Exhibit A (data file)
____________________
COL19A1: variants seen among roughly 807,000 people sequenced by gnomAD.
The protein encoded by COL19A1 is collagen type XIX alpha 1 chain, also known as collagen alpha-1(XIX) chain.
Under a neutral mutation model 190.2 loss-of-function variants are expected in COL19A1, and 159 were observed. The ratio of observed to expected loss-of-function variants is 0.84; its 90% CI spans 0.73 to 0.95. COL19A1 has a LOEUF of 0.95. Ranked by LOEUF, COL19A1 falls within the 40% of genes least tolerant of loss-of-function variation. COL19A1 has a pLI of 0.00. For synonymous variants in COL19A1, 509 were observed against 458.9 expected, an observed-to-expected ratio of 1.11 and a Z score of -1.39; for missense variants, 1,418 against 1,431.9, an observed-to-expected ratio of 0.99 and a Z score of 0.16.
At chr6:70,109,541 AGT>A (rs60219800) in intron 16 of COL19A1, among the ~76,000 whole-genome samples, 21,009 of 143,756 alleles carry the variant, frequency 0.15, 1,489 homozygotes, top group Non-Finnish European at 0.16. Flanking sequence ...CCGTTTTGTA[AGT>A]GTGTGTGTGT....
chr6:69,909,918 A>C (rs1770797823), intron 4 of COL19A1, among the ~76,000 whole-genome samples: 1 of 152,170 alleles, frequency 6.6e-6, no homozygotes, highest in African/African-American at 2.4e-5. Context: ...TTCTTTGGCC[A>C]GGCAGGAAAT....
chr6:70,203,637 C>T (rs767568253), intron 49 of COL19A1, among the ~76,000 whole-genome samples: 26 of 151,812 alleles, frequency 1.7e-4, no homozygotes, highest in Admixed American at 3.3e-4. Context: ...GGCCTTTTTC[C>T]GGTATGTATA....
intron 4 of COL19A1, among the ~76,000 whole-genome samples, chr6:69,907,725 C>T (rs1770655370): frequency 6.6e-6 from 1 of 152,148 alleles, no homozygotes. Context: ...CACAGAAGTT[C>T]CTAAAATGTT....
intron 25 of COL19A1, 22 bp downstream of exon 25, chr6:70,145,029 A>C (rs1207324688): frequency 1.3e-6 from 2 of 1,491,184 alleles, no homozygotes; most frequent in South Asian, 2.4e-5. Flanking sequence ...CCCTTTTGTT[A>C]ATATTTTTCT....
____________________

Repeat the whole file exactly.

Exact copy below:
COL19A1: variants seen among roughly 807,000 people sequenced by gnomAD.
The protein encoded by COL19A1 is collagen type XIX alpha 1 chain, also known as collagen alpha-1(XIX) chain.
Under a neutral mutation model 190.2 loss-of-function variants are expected in COL19A1, and 159 were observed. The ratio of observed to expected loss-of-function variants is 0.84; its 90% CI spans 0.73 to 0.95. COL19A1 has a LOEUF of 0.95. Ranked by LOEUF, COL19A1 falls within the 40% of genes least tolerant of loss-of-function variation. COL19A1 has a pLI of 0.00. For synonymous variants in COL19A1, 509 were observed against 458.9 expected, an observed-to-expected ratio of 1.11 and a Z score of -1.39; for missense variants, 1,418 against 1,431.9, an observed-to-expected ratio of 0.99 and a Z score of 0.16.
At chr6:70,109,541 AGT>A (rs60219800) in intron 16 of COL19A1, among the ~76,000 whole-genome samples, 21,009 of 143,756 alleles carry the variant, frequency 0.15, 1,489 homozygotes, top group Non-Finnish European at 0.16. Flanking sequence ...CCGTTTTGTA[AGT>A]GTGTGTGTGT....
chr6:69,909,918 A>C (rs1770797823), intron 4 of COL19A1, among the ~76,000 whole-genome samples: 1 of 152,170 alleles, frequency 6.6e-6, no homozygotes, highest in African/African-American at 2.4e-5. Context: ...TTCTTTGGCC[A>C]GGCAGGAAAT....
chr6:70,203,637 C>T (rs767568253), intron 49 of COL19A1, among the ~76,000 whole-genome samples: 26 of 151,812 alleles, frequency 1.7e-4, no homozygotes, highest in Admixed American at 3.3e-4. Context: ...GGCCTTTTTC[C>T]GGTATGTATA....
intron 4 of COL19A1, among the ~76,000 whole-genome samples, chr6:69,907,725 C>T (rs1770655370): frequency 6.6e-6 from 1 of 152,148 alleles, no homozygotes. Context: ...CACAGAAGTT[C>T]CTAAAATGTT....
intron 25 of COL19A1, 22 bp downstream of exon 25, chr6:70,145,029 A>C (rs1207324688): frequency 1.3e-6 from 2 of 1,491,184 alleles, no homozygotes; most frequent in South Asian, 2.4e-5. Flanking sequence ...CCCTTTTGTT[A>C]ATATTTTTCT....